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Skywatch for the week of November 7, 2022

Skywatch Monday 11-7-2022.mp3

Mon Nov 7, 2022 NOVEMBER FULL MOON, TOTAL LUNAR ECLIPSE

The moon is full tonight. The Creek Indians call this the Moon When the Water is Black with Leaves, a time when falling leaves darken ponds and rivers. The Mandan Hidatsa people who live farther north, say this is the Moon When Rivers Freeze. It’s the Frost Moon for the Seminole people, and to the Tewa Pueblo this is the Moon When All is Gathered In. There’s a total lunar eclipse tonight, which will begin long after midnight. The first shadow “bite” will be taken out of the moon shortly after 4:09 am. At this hour, the moon will be down near the western horizon. That bite will continue to grow, until the moon is completely inside earth’s shadow just before 6 am. Totality ends 41 minutes later, but by this time, the moon will be setting and you probably won’t see the rest of the eclipse.

Skywatch Tuesday 11-8-2022.mp3

Tue Nov 8, 2022 EDMUND HALLEY’S BIRTHDAY

Edmund Halley, whose name is attached to a very famous comet, was born on November 8th, 1656 near London. Halley saw his comet in 1682, and although millions of people had seen it before him, going back to BC times, he was the first person to predict its return, in 1758. Halley had asked Isaac Newton to write the equations he needed to solve the comet’s orbit, (Newton had to invent calculus to do it,) and using Newton’s work, Halley figured out it would return in 76 years, saying that he hoped that posterity would record that an Englishman had made the prediction. Now if you missed seeing the last appearance of Halley’s Comet in 1986, then you’ll want to hang around for its next apparition in the year 2061. I’ll be 108, and I’m looking forward to seeing it again.

Skywatch Wednesday 11-9-2022.mp3

Wed Nov 9, 2022 DARKNESS WASTING TIME

I hope everyone has recovered from our recent semi-annual lurch in time. After more than half a year of Daylight Savings Time, we’ve finally returned to the more sensible Standard Time. Daylight Savings Time was implemented in the United States in 1918 by the Woodrow Wilson administration, and it has been with us pretty much ever since. By setting our clocks ahead one hour in the Spring, we can stretch out the afternoon and evening daylight periods. But for astronomers, Daylight Savings Time is known as Darkness Wasting Time, because it makes us wait an extra hour for the skies to darken so we can see the stars. Now as nights get longer and daylit periods shorter, and a return to Standard time, at least for now we can get some serious observing done long before the midnight hour.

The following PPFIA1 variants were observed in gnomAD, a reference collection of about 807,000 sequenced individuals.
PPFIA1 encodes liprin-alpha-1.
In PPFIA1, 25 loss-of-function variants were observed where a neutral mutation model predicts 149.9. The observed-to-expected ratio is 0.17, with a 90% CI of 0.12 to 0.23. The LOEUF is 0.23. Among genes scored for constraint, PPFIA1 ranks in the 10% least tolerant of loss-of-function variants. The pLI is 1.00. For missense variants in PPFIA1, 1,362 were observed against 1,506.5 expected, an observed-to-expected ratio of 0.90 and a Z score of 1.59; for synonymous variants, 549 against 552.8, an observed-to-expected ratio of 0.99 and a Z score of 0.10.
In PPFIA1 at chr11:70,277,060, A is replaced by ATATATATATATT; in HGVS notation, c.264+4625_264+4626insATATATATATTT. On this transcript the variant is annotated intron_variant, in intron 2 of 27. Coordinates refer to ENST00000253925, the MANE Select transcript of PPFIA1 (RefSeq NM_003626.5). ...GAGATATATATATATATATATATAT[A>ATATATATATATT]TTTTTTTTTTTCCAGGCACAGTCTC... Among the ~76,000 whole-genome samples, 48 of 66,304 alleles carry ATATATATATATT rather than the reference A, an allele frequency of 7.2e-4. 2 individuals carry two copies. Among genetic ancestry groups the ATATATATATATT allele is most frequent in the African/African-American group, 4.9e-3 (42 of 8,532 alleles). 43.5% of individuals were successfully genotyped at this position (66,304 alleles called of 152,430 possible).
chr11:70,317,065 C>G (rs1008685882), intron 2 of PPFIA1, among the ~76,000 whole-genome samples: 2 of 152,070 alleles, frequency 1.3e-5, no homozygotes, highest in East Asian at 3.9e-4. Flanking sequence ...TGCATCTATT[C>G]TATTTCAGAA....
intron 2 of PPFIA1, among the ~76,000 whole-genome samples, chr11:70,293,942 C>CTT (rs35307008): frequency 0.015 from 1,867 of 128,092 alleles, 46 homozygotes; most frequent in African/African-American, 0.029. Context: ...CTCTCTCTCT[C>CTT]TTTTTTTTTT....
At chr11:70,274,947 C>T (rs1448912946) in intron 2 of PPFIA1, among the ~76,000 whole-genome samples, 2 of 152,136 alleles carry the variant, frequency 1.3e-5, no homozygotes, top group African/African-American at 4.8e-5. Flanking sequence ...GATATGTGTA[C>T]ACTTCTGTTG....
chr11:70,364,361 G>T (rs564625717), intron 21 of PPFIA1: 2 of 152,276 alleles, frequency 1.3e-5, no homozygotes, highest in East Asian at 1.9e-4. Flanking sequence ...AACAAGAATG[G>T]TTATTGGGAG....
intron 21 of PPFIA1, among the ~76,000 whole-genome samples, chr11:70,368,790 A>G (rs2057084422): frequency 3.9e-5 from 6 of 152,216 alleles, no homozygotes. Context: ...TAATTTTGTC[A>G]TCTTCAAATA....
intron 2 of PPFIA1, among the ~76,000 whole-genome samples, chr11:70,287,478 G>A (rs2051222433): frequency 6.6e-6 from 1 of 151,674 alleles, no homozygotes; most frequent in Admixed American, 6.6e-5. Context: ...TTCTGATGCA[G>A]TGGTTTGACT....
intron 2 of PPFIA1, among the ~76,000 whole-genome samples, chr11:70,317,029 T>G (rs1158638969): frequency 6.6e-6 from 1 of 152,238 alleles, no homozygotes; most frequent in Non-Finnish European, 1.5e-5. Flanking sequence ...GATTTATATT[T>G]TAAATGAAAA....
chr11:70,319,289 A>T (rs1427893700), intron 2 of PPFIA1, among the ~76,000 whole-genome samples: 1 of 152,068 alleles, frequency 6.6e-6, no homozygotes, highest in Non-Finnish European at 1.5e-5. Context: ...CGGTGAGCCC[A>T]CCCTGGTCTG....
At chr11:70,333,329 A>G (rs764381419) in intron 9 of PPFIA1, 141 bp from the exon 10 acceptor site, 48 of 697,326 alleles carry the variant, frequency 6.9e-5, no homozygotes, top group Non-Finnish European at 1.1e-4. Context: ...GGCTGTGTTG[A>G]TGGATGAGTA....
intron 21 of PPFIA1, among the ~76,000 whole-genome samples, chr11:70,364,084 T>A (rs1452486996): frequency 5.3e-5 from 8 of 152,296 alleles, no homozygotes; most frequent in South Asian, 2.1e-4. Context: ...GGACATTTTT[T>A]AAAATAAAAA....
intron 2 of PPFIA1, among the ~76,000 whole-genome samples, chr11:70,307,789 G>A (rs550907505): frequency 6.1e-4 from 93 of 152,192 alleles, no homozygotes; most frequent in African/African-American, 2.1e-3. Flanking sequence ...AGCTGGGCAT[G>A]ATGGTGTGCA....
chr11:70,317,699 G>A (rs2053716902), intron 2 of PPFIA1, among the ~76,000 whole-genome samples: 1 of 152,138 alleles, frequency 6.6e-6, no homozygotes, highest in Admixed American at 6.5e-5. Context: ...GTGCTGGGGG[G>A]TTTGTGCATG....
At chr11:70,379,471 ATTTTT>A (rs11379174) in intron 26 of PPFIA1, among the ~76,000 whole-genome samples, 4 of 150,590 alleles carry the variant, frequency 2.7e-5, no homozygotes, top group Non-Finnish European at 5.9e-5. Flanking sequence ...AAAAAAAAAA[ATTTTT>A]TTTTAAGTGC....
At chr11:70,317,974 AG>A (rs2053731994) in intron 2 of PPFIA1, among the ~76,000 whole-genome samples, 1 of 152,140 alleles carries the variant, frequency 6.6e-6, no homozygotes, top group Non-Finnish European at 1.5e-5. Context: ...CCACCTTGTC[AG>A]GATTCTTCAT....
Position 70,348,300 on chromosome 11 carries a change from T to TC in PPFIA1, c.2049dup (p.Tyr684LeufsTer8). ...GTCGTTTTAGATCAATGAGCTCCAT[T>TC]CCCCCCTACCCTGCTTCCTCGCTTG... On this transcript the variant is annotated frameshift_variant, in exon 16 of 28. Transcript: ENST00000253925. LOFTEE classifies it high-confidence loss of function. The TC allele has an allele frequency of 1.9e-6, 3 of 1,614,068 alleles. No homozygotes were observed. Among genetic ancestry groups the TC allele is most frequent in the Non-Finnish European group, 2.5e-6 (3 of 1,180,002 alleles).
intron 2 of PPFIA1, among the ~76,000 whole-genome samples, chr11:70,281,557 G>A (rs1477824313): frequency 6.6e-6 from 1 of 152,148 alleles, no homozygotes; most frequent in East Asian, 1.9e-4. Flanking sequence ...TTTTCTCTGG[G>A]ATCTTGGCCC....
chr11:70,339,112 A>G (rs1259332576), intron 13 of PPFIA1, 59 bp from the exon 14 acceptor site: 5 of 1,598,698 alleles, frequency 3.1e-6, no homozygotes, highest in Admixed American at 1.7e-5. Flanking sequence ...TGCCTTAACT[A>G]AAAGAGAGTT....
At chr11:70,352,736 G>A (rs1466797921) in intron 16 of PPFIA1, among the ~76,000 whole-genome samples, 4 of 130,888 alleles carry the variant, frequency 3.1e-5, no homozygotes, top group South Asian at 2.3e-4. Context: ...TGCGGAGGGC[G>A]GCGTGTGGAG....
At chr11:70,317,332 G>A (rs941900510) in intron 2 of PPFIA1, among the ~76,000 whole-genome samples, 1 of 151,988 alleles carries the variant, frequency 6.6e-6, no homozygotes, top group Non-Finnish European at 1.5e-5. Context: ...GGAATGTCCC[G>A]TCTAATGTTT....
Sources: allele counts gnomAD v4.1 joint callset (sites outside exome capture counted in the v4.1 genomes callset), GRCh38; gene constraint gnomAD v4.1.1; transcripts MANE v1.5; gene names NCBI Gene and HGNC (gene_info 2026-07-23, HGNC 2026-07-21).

Skywatch Thursday 11-10-2022.mp3

Thu Nov 10, 2022 BRAIN BOWL QUESTIONS

Indian River State College recently held a “brain bowl” for its students, who compete to answer questions about history, art, literature, science and other subjects. In honor of the brain bowl, here’s a quiz for you: Where is the Sea of Serenity? What is Newton’s Third Law of Motion? Which star is closest to earth? What is New Horizons? Here are the answers: The Sea of Serenity is a dry lava basin on the moon. Newton’s Third Law states that for every action there is an equal and opposite reaction. The tallest volcano is fifteen-mile-high Mt. Olympus on Mars. The nearest star after the sun is Proxima, part of the Alpha Centauri system, 25 trillion miles away. And New Horizons is a spacecraft that was launched toward Pluto; it reached this distant world six years ago and sent back incredible images of Pluto and its moons.

Skywatch Friday 11-11-2022.mp3

Fri Nov 11, 2022 MOON IN CONJUNCTION WITH MARS

Starlight, star bright - up until a month ago, it was pretty easy to find the first bright star after sunset, what that old poem refers to as a “wishing star.” Of course, that bright star shining in the east at sunset wasn’t a star at all, but the planet Jupiter, which was about 400 million miles away from us when our planet passed it last September. But now Jupiter’s got some competition, another planet – Mars, which now rises in the east in mid-evening. Jupiter’s still a bit brighter, and it has a creamy white color; but Mars has a distinctive red tint, and it’s outshining two actual red giant stars, Aldebaran and Betelgeuse, which appear to the south of Mars. Still not sure which is which? Well, tonight the old gibbous moon will be next to Mars, a cosmic bookmark to help you find the red planet!